'Royal Purple'
Foliage is bronze at first.
The bright purple flowers are borne on racemes up to 16 inches in length.

'Violacea Plena'
Also called Black Dragon. Fragrant, double, violet-blue flowers; otherwise identical to species.

* photos taken on Apr 23 2017 @ Brookside Gardens, Wheaton, MD

* photos taken by Milan Havlis ( havlis.cz )


'White with Blue Eye'

* photos taken on Apr 23 2017 @ Brookside Gardens, Wheaton, MD


Wisteria x formosa
A deciduous, twining, woody vine, reaching a maximum height of 133 feet, that is the hybrid between Wisteria floribunda and W. sinensis.
The pinnate leaves are composed of 9 to 15 narrow oval leaflets. The foliage is bright green.
The very fragrant, violet-blue flowers are borne in racemes, up to 12 inches, during spring.
Hardy zones 5 to 9 in full sun on just about any soil. In cooler climates it will bloom much better with a hot sunny southern exposure. Pruning to contain can be done in summer as well as late winter. During late winter prune plants on trellesis and arches by cutting long shoots back to 2 or 3 buds.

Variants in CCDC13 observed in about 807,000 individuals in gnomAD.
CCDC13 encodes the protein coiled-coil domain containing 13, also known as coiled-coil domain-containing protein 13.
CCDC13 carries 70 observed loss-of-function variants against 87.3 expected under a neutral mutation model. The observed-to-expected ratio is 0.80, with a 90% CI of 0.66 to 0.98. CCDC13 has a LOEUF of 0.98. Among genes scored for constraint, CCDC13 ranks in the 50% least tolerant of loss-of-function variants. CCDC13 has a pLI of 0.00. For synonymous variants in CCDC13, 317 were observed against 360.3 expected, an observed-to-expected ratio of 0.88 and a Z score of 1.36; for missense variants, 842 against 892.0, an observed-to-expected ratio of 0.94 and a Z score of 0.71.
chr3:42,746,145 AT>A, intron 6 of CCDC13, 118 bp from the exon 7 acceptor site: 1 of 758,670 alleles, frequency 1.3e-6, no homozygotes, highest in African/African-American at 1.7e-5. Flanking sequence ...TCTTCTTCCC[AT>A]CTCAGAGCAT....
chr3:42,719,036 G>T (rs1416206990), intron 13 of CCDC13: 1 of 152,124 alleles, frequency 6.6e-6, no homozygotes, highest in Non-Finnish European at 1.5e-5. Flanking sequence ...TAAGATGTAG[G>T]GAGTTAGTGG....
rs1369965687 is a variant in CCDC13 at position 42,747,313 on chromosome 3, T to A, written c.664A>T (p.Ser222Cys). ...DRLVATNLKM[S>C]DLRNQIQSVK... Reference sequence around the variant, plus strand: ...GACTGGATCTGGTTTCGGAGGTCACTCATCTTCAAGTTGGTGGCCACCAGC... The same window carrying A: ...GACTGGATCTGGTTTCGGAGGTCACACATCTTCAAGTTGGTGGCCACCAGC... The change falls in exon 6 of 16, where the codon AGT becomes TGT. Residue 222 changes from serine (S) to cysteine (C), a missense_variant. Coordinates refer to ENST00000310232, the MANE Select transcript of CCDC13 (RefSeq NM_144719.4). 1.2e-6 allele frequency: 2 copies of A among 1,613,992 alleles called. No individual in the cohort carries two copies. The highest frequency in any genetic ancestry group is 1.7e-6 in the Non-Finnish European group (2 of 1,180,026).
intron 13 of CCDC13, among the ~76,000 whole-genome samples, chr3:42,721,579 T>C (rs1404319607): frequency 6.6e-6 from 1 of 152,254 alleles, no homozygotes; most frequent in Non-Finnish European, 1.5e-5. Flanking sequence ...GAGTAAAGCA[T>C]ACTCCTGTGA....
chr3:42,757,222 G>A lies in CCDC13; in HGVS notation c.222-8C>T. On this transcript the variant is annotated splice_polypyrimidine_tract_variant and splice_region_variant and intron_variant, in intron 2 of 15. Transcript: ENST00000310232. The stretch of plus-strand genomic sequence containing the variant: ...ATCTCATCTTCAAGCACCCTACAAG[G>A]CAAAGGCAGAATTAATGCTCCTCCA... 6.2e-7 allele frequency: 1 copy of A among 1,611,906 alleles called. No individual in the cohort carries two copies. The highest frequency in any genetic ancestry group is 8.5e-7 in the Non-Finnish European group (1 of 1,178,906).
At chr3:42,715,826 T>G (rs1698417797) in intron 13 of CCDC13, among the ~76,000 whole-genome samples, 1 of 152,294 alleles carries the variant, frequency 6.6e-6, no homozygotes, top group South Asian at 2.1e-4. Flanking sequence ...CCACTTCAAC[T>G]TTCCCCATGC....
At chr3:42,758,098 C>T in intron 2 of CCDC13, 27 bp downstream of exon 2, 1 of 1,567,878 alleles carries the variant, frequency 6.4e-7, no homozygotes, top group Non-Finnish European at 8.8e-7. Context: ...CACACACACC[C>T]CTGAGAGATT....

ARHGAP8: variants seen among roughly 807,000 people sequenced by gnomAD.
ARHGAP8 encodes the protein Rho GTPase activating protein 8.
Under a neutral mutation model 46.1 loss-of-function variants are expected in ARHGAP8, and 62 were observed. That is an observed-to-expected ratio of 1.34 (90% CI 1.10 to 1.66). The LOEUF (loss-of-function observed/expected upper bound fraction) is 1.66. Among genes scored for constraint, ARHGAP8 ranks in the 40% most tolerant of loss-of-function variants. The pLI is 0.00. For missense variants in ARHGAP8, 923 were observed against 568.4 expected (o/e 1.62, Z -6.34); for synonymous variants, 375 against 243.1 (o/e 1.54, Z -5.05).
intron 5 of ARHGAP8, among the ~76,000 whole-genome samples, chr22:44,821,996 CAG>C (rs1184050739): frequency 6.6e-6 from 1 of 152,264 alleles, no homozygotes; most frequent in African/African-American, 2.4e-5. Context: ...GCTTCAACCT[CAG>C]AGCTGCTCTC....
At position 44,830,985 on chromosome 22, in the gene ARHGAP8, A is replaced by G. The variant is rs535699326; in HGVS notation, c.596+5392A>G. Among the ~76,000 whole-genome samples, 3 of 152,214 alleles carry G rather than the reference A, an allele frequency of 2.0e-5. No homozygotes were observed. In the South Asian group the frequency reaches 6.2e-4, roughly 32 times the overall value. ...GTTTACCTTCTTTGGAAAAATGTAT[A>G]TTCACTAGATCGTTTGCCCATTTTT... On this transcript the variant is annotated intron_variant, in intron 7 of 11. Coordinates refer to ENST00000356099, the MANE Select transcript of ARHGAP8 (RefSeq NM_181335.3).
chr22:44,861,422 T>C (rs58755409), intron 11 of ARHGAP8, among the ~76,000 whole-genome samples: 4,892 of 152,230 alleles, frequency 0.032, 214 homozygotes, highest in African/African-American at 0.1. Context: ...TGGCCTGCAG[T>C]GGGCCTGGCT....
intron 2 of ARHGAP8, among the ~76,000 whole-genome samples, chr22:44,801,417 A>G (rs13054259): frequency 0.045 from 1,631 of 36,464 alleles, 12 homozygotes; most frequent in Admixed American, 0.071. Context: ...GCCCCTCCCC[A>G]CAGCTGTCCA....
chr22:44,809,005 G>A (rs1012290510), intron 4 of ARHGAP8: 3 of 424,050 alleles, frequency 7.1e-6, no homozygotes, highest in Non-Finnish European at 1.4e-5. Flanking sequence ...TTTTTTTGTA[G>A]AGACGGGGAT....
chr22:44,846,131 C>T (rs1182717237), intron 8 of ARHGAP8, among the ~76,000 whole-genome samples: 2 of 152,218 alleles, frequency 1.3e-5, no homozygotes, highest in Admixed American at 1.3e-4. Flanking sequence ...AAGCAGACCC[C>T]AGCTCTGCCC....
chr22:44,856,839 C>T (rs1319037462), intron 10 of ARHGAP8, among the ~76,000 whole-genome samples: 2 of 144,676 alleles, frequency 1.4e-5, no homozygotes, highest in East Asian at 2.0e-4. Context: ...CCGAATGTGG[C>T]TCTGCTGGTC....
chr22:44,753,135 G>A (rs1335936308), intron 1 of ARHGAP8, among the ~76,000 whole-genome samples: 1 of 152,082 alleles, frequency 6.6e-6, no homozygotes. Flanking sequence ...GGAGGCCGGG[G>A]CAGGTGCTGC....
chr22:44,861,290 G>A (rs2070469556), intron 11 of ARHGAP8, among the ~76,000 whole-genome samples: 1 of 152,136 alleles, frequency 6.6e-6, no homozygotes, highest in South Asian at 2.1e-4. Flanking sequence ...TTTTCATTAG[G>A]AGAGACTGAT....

It is easily reproduced from layering during summer.

Wisteria frutescens ( American Wisteria )
A very vigorous, deciduous, twining, woody vine, reaching a maximum height of 60 feet, that is native to the eastern U.S. ( from eastern Oklahoma to northern Missouri to northern Illinois to far southern Michigan to northeast Kentucky to central North Carolina; south to eastern Texas to northern Florida ). It is rare in most of its range and endangered in Oklahoma, Indiana and Michigan. Some records include: fastest recorded growth rate - 10 feet ( still far less than Wisteria sinensis ).
The pinnate leaves, up to 12 inches in length, are composed of up to 15 leaflets, up to 3.2 inches in size. The foliage is bright green, late turning to luxuriant deep green. The foliage turns to yellow in autumn.
The fragrant, pale lilac-purple flowers, up to 0.6 inches in length, are borne in panicles, up to 12 inches in length, all summer long and often on the same years growth.